Bloomberg reported last week that an iPhone left on during a regional flight caused enough interference to make compasses go haywire.
According to a NASA Aviation Safety Reporting System report, the 2011 incident claims the small jet experienced a problem while climbing past 9,000 feet, in turn sending the plane "several miles" off course. The crisis was allegedly resolved when a flight attendant asked a passenger seated in the ninth row to turn off the iPhone.
Judy R., FlyersRights member and former international flight attendant brought our attention to this story and pointed out that hard objects such as these become projectiles if the pilot aborts a take-off.
Not to mention that cramming people in sardine tubes is tough enough already, but adding the cacophony of cell phone and gadget users only multiplies the discomfort by an order of magnitude.
Your Power in Action!
Jeff P. wrote to us, fed up with a United flight out of St. Louis. It was late due to maintenance problems according to the ground crews. However the airline claimed weather.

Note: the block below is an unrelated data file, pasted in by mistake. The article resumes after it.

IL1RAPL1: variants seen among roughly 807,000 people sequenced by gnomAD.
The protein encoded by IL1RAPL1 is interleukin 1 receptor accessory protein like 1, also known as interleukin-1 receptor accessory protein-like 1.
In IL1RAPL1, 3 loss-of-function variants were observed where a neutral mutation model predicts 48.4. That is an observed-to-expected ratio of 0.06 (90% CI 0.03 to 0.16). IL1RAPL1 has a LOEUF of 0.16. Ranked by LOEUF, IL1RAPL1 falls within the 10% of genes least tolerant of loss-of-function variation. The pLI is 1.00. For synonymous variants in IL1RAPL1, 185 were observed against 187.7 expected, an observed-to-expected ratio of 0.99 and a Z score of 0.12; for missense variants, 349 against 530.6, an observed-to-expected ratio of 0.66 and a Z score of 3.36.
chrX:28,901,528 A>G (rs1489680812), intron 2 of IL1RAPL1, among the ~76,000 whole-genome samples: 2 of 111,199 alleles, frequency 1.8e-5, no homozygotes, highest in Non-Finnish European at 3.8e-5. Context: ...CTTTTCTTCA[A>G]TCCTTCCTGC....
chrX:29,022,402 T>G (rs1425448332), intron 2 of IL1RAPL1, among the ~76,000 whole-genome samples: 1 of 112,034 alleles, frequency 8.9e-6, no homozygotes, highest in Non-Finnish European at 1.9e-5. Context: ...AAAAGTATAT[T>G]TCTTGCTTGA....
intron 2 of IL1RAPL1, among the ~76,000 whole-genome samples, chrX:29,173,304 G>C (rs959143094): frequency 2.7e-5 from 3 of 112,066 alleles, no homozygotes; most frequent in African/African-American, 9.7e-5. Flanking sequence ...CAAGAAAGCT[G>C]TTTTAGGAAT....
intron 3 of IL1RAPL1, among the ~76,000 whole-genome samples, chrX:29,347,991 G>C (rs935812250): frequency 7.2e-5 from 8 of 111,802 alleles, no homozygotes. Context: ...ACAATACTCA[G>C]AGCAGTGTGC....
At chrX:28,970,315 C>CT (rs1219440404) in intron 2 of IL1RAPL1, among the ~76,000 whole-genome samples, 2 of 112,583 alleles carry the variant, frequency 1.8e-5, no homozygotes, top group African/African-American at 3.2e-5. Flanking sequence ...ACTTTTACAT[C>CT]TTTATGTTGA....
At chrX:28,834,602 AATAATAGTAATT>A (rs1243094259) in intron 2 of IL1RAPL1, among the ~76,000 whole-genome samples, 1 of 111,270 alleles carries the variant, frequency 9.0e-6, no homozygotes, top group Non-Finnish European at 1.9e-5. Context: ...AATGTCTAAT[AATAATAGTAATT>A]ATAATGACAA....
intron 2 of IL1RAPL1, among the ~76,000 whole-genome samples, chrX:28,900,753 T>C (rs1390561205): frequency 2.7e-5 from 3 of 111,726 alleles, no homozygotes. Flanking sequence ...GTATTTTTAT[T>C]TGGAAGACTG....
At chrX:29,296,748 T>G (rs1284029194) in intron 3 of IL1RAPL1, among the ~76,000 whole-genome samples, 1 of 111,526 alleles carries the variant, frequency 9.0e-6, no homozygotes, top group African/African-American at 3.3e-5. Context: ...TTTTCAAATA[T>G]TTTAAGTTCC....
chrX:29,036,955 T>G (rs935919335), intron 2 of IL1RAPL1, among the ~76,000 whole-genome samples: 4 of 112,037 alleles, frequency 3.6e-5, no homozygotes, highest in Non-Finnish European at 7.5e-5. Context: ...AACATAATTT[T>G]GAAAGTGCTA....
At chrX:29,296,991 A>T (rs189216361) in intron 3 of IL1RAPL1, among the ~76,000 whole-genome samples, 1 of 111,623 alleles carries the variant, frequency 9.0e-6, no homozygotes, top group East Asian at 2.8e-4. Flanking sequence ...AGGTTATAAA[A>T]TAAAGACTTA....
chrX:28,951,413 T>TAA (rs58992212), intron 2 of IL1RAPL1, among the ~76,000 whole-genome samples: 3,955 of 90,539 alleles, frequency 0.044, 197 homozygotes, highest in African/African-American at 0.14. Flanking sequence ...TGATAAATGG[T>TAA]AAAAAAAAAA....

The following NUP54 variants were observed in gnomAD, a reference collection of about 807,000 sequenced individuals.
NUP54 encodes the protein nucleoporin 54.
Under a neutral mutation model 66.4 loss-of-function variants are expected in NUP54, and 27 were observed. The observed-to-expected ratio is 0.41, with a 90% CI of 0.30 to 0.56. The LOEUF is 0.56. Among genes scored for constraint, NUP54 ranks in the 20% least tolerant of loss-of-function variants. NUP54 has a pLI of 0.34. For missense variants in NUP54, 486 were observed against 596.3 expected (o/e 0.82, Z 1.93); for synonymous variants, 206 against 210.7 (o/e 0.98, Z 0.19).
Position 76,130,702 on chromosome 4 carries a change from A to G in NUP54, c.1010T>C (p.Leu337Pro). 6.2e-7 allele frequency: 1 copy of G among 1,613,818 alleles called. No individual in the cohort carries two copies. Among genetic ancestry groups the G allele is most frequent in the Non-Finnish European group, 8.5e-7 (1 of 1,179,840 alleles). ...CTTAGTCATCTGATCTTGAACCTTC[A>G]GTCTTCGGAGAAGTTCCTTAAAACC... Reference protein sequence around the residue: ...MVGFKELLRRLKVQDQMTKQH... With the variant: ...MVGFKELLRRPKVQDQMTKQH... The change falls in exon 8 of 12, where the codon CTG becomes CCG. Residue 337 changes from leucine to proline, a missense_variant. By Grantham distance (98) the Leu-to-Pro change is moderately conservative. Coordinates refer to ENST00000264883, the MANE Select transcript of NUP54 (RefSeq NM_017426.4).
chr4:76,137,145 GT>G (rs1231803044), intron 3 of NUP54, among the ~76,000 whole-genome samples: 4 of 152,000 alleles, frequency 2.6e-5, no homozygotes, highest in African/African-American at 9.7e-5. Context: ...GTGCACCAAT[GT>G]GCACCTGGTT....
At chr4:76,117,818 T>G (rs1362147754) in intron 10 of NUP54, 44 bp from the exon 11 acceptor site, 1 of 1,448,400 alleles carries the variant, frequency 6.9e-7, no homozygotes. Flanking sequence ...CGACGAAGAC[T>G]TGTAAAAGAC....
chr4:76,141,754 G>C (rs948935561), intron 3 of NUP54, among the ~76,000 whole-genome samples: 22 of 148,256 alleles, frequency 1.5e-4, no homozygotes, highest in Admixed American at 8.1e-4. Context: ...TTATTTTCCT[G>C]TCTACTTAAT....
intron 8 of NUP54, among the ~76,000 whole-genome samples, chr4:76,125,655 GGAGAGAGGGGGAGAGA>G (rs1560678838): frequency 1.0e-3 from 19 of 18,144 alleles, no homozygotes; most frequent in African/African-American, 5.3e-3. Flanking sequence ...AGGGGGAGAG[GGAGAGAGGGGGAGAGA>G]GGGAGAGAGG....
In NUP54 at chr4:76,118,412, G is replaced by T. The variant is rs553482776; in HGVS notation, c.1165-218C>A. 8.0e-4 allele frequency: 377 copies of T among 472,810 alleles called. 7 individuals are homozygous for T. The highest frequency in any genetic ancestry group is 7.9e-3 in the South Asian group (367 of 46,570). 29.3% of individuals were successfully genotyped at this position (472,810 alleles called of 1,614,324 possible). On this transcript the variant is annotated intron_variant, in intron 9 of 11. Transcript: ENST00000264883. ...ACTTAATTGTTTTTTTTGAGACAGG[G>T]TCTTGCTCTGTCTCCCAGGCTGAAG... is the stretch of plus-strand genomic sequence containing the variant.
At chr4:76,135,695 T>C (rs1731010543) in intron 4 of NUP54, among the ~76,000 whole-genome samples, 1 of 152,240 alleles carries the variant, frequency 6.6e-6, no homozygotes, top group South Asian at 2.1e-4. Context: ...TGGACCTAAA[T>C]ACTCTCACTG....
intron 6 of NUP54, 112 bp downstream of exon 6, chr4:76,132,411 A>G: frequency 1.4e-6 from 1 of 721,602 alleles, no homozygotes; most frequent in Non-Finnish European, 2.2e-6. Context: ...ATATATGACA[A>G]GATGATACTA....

He expected to get denied lodging by the airline, per the phoney weather excuse.
But then he name-drops FlyersRights:
I told the gate agent I was emailing flyers rights dot org about the lie. How we knew it was because of maintenance but they said weather. She got on the phone with someone and they updated the screens and emails to reflect maintenance. If you would like I can forward the two consecutive emails with the changed cause of late.
Outrage of the Week
Ron K. wrote about a recent Delta flight where he paid $1,200 for an Economy-Comfort seat, but endured the opposite of comfort due to a very large passenger sharing half his space.